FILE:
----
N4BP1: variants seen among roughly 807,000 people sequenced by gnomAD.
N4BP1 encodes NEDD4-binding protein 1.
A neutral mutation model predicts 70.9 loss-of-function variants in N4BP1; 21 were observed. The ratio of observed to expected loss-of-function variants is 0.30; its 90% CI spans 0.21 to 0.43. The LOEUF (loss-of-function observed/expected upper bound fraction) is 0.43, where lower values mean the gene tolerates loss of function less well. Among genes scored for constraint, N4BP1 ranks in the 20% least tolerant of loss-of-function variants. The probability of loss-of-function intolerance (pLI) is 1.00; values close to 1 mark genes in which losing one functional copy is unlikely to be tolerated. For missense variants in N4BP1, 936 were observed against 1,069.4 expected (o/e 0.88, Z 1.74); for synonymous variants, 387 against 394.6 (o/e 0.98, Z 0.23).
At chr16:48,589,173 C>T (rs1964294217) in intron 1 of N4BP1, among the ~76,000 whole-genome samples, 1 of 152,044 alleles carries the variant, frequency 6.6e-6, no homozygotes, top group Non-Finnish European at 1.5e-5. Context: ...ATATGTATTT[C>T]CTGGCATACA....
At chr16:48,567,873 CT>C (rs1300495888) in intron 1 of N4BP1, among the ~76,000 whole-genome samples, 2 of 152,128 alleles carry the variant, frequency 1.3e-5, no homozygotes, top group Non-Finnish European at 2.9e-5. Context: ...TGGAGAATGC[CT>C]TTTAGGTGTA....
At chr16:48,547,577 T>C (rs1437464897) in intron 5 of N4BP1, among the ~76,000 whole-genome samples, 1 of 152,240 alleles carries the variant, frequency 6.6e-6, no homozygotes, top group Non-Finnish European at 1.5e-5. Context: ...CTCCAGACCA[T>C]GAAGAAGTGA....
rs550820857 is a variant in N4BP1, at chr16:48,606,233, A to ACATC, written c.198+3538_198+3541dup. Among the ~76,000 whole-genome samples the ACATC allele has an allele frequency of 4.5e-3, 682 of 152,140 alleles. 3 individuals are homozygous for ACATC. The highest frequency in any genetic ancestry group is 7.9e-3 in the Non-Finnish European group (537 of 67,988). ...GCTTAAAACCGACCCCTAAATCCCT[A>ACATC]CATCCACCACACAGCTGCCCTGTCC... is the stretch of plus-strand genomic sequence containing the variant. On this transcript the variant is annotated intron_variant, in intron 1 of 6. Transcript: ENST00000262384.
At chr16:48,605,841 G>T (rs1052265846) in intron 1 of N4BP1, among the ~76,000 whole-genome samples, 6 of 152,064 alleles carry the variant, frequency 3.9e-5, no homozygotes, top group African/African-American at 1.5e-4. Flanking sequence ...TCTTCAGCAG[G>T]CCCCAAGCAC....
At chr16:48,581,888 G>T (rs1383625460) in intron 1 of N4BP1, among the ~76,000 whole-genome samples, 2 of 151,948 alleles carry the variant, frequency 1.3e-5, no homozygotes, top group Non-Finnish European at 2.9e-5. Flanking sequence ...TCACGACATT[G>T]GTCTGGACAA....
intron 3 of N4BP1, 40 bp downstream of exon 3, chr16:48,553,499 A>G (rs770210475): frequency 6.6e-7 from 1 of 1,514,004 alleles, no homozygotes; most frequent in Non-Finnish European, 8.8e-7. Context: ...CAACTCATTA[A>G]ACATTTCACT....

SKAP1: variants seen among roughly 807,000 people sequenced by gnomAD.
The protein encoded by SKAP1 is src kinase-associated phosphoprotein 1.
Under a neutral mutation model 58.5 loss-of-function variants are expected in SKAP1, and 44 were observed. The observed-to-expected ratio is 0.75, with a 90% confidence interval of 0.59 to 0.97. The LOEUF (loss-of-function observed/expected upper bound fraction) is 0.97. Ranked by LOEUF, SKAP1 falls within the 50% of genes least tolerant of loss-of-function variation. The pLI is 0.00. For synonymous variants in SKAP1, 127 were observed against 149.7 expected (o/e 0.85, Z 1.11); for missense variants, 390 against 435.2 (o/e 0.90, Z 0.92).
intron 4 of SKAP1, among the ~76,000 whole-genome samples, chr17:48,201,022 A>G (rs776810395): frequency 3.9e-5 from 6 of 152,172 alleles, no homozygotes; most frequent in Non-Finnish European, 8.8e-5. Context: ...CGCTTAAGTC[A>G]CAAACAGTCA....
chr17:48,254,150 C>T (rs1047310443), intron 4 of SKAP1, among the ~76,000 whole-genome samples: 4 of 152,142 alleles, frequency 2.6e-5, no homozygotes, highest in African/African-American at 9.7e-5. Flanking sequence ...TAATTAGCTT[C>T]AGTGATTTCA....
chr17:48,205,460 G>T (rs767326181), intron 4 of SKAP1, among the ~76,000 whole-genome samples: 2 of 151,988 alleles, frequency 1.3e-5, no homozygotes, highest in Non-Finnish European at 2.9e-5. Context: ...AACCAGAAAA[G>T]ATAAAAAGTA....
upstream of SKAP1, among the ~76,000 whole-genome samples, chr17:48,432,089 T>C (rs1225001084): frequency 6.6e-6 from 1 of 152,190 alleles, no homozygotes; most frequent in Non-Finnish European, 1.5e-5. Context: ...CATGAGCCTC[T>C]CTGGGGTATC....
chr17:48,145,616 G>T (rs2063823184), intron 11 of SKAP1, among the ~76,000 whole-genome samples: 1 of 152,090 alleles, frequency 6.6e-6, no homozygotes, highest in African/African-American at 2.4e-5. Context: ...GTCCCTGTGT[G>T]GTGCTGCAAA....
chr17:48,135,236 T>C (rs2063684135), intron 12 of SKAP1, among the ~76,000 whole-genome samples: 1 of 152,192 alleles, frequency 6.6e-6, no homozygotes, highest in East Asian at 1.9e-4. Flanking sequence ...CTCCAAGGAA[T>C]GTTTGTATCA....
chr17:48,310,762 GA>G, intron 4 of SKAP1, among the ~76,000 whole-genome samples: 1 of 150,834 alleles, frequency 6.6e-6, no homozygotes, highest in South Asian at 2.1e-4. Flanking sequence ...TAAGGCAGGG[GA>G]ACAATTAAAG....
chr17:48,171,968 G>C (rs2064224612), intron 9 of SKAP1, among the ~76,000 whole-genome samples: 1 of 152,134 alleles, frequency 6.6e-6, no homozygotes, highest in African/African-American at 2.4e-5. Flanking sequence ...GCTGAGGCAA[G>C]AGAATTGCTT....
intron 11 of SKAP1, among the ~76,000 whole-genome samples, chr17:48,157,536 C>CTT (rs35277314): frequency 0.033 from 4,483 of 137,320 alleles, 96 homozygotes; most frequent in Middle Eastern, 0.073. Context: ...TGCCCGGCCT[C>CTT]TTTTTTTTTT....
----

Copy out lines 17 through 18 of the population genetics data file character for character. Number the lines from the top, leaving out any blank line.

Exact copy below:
upstream of SKAP1, among the ~76,000 whole-genome samples, chr17:48,432,089 T>C (rs1225001084): frequency 6.6e-6 from 1 of 152,190 alleles, no homozygotes; most frequent in Non-Finnish European, 1.5e-5. Context: ...CATGAGCCTC[T>C]CTGGGGTATC....
chr17:48,145,616 G>T (rs2063823184), intron 11 of SKAP1, among the ~76,000 whole-genome samples: 1 of 152,090 alleles, frequency 6.6e-6, no homozygotes, highest in African/African-American at 2.4e-5. Context: ...GTCCCTGTGT[G>T]GTGCTGCAAA....